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Q #4: Do I have to read the Mistborn trilogy to get Wax&Wayne?

A: I would say no. Brandon Sanderson repeats a lot of how the magic system and the world works in the beginning of his books. So if you hadn’t read Mistborn, you would still understand Wax&Wayne. However, that said, I believe you will appreciate Wax&Wayne a lot more if you read Mistborn first. Because there are a lot of things that carry over. It is kind of like cookies and milk. You can drink milk without cookies, and you can eat cookies without milk, but they taste better together.

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Q #5: Which one is your favorite character in Ken Follett’s Century Trilogy?

A: In Book 1, I loved reading Grigori’s chapters, and I also loved reading about Ethel. In book 2, my favorites were probably Daisy and Lloyd. In book 3, I actually really came to appreciate Dimka and I would say Walli, but just at the beginning of the book. It’s hard to narrow it down even that far. But if I had to choose a favorite character overall, it would probably be Daisy. Just because her character changes so much, and in such a great way, and I really think she is probably the most well-written character in the entire series.

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Q #6: Who is your favorite fictional dragon from books?

A: I love Sapphira from Eragon. Maybe I am biased because she is one of the first dragons I read about in a book, back in 6th grade. But she is really human at heart, she’s not just some wild creature or an all-knowing godlike creature, she interacts and converses in meaningful ways with the world, and has a magnetic personality.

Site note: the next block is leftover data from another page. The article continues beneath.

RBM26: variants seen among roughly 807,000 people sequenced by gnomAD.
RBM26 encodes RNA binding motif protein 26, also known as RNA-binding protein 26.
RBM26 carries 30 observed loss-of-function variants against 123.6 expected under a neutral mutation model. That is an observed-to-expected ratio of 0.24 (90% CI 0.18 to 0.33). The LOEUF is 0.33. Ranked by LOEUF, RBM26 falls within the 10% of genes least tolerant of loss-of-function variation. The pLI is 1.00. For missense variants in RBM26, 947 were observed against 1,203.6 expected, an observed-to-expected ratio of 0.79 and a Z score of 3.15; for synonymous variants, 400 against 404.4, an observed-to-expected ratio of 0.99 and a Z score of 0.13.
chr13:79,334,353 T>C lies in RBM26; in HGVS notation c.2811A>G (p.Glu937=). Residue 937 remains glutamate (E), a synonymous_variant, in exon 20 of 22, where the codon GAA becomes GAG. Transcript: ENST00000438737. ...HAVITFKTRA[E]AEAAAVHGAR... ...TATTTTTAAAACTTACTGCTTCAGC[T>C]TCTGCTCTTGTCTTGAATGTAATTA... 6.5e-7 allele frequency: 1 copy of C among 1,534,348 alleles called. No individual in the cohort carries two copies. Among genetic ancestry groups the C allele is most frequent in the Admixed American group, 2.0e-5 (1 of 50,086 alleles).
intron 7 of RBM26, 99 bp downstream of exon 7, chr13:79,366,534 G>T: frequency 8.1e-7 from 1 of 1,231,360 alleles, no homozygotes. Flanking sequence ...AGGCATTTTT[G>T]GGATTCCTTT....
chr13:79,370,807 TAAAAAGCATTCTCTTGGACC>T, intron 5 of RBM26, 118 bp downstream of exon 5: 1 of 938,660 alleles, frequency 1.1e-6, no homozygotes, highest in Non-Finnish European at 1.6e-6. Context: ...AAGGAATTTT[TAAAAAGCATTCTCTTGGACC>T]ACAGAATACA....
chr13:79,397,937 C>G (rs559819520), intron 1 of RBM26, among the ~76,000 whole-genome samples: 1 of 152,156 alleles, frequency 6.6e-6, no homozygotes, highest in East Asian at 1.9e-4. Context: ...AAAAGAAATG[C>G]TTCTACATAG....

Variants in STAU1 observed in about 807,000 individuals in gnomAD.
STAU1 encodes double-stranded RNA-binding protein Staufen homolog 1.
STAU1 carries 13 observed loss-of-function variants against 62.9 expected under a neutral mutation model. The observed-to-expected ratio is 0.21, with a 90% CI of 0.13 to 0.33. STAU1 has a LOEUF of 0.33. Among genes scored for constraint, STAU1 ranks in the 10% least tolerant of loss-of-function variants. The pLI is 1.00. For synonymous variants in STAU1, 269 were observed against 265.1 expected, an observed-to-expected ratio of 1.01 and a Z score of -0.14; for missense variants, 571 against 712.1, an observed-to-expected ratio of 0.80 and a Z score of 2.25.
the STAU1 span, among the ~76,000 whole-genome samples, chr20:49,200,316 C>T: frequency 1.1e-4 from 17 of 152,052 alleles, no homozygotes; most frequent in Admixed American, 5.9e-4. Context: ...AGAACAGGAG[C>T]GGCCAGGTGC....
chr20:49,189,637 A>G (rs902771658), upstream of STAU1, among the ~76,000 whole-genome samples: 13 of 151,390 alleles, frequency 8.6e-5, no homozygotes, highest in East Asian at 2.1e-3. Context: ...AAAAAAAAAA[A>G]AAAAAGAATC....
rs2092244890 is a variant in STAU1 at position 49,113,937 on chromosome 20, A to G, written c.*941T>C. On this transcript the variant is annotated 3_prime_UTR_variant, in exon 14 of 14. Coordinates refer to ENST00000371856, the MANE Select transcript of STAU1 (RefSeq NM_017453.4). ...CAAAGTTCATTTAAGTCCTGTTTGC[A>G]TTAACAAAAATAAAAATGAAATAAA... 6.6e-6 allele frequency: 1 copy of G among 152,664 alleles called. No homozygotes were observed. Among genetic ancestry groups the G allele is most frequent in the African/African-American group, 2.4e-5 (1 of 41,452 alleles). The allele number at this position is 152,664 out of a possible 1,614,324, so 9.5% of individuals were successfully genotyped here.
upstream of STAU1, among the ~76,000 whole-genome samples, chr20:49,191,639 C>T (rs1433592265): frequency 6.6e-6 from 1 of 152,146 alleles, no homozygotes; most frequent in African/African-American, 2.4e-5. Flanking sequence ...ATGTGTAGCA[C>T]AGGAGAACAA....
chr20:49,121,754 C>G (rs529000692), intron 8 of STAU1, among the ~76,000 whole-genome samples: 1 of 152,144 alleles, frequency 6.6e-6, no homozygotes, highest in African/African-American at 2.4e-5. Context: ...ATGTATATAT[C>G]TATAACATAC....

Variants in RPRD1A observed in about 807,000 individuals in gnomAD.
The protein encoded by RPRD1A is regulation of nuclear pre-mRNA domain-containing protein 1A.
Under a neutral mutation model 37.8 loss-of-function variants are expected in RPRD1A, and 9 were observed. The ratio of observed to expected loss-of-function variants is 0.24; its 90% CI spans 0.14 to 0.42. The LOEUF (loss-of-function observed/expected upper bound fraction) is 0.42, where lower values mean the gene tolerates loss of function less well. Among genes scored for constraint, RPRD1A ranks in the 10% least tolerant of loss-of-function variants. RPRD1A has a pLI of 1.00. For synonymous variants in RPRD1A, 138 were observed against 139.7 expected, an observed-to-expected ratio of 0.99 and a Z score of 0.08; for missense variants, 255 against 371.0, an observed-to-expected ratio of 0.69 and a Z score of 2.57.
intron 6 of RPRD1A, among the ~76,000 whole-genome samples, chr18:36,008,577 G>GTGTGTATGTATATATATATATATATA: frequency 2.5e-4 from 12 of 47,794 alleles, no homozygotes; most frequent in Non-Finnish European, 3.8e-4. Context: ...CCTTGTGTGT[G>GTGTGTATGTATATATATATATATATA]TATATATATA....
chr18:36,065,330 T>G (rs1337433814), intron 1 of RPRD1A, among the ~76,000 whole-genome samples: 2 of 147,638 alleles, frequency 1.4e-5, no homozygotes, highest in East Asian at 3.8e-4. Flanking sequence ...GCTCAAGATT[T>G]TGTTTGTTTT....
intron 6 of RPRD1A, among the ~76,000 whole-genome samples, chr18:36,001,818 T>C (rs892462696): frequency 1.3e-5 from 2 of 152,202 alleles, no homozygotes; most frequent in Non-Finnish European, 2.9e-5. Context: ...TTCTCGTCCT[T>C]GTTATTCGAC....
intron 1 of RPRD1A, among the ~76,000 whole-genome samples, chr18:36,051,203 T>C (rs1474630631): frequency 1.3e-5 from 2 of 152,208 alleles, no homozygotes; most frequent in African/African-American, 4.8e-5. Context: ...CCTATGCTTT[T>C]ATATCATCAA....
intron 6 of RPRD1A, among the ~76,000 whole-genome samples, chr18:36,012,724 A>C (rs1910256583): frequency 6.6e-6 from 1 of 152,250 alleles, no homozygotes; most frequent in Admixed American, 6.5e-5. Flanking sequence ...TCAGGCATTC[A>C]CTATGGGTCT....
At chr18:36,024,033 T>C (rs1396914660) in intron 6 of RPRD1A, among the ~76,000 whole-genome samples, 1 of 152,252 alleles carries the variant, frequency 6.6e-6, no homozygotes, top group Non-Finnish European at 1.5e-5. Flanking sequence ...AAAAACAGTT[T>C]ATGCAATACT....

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Four Most Interesting Questions about Ken Follett’s Century Trilogy

One of the things I really enjoyed about the first two books in The Century Trilogy was seeing life and the struggles of ordinary people in world wars 1 & 2.

I’m veering away from sci-fi/fantasy this month to look at a trilogy of historical fiction books.

CenturyTrilogy

Q #1: How historically accurate are Ken Follett’s Century Trilogy novels?

A: I’d say they are very historically accurate. I have a friend who is a history buff and he’s the one who recommended them to me. I don’t think he would have done so if they weren’t historically accurate. Also, Ken Follett puts a little disclaimer in the back of all the books. In each of them he uses a mixture of fiction characters with real characters. He only places the real characters in situations or locations where they either are known to have been at a specific time, or could have been at a specific time according to public knowledge. Ken Follett also consults experts on the various time periods he writes about – you can see who he consults in the acknowledgements section at the back of each book.